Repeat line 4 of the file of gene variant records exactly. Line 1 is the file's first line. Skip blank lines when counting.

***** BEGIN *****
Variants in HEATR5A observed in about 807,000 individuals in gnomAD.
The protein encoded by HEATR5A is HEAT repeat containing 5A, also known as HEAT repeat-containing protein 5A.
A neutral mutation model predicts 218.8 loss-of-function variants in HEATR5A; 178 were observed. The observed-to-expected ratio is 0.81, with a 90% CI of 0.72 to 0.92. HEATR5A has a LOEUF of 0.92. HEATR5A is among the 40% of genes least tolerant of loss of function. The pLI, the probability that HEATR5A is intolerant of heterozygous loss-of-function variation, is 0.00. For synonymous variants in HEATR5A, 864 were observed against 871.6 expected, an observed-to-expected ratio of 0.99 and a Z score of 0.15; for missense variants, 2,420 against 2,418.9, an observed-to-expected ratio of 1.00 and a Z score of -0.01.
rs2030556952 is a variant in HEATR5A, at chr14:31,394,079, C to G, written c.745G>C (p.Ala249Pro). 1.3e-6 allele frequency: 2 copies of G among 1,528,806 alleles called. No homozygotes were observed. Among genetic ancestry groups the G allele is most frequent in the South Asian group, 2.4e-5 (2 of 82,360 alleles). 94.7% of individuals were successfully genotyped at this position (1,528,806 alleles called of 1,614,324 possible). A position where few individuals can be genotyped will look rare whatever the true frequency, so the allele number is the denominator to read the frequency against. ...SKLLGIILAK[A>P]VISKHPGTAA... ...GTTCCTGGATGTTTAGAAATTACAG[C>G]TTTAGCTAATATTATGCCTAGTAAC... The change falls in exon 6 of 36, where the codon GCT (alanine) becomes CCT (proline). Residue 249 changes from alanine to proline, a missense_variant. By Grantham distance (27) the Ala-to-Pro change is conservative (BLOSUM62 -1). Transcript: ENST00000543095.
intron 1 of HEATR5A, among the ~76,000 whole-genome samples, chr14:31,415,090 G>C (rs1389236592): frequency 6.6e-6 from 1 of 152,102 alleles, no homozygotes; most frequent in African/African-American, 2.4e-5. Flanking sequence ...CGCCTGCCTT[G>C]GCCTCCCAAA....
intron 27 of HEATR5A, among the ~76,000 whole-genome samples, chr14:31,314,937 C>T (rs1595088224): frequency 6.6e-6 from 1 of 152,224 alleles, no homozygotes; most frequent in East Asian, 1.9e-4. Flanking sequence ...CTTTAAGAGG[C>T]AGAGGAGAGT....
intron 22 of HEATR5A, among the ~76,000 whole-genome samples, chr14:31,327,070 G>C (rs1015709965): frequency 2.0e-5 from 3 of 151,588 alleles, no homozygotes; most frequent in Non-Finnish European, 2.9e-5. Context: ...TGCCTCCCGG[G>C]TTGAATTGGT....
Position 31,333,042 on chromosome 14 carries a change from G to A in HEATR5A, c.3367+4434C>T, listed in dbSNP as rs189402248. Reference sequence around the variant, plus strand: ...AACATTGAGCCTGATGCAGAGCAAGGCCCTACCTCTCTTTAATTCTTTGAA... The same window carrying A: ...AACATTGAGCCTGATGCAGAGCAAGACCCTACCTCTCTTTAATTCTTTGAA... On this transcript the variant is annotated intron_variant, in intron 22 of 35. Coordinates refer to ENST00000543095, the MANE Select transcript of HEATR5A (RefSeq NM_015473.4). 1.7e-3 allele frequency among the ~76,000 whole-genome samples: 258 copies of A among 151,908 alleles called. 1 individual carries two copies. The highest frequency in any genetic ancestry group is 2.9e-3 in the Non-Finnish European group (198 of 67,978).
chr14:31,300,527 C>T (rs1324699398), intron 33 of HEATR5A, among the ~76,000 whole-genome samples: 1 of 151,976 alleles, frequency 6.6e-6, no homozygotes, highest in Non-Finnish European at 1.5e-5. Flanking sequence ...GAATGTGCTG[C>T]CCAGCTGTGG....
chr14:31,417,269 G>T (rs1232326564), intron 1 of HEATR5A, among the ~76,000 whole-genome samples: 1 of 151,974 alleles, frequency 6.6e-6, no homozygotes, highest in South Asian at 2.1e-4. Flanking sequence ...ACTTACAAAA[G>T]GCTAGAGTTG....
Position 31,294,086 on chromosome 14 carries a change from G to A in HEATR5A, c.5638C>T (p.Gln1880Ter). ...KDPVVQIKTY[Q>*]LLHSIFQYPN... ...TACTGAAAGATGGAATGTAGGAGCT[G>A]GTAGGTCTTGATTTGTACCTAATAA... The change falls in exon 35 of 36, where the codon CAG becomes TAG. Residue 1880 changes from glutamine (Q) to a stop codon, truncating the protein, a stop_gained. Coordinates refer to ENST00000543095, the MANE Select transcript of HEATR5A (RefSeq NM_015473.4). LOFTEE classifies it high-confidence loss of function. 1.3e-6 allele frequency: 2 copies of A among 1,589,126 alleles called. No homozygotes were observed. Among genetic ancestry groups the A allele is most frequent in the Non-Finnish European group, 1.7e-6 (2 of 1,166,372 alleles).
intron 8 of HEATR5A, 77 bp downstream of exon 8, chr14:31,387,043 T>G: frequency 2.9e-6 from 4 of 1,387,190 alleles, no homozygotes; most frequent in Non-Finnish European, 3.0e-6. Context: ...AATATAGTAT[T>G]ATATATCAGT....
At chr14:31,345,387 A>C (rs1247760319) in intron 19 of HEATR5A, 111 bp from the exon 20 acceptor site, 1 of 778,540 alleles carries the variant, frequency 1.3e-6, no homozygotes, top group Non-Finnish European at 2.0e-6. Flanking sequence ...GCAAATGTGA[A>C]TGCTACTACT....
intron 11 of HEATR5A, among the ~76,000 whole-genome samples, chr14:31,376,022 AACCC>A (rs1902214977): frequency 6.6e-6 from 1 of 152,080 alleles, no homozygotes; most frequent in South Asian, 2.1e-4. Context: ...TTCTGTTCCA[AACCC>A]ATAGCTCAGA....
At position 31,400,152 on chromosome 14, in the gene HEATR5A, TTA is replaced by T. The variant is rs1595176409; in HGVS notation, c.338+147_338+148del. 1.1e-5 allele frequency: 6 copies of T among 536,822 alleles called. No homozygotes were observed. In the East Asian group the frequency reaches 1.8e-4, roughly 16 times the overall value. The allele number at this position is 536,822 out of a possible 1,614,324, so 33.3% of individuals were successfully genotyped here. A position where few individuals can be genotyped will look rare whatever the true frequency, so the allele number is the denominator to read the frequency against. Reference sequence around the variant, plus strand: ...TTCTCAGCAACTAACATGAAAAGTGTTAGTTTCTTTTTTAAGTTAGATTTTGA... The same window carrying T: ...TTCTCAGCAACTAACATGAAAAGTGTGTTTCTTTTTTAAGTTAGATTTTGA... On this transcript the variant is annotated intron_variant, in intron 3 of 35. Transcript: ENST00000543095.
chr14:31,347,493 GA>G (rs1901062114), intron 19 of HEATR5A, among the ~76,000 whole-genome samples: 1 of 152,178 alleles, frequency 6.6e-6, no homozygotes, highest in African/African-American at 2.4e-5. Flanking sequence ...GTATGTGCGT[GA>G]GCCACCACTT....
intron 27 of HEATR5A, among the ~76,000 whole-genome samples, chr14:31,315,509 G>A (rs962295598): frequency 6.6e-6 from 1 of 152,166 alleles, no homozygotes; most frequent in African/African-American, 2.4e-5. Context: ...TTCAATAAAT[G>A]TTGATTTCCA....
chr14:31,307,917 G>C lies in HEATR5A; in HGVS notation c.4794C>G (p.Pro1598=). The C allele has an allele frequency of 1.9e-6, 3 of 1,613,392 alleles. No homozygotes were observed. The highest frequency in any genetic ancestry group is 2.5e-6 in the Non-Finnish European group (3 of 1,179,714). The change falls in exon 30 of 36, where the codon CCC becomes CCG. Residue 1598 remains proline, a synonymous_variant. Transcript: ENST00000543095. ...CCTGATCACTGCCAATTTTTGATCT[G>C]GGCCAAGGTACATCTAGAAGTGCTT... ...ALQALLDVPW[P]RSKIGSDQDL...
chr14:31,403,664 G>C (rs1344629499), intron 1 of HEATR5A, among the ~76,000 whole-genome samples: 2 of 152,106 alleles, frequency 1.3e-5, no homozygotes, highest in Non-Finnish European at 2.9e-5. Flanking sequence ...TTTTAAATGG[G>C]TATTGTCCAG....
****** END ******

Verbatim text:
rs2030556952 is a variant in HEATR5A, at chr14:31,394,079, C to G, written c.745G>C (p.Ala249Pro). 1.3e-6 allele frequency: 2 copies of G among 1,528,806 alleles called. No homozygotes were observed. Among genetic ancestry groups the G allele is most frequent in the South Asian group, 2.4e-5 (2 of 82,360 alleles). 94.7% of individuals were successfully genotyped at this position (1,528,806 alleles called of 1,614,324 possible). A position where few individuals can be genotyped will look rare whatever the true frequency, so the allele number is the denominator to read the frequency against. ...SKLLGIILAK[A>P]VISKHPGTAA... ...GTTCCTGGATGTTTAGAAATTACAG[C>G]TTTAGCTAATATTATGCCTAGTAAC... The change falls in exon 6 of 36, where the codon GCT (alanine) becomes CCT (proline). Residue 249 changes from alanine to proline, a missense_variant. By Grantham distance (27) the Ala-to-Pro change is conservative (BLOSUM62 -1). Transcript: ENST00000543095.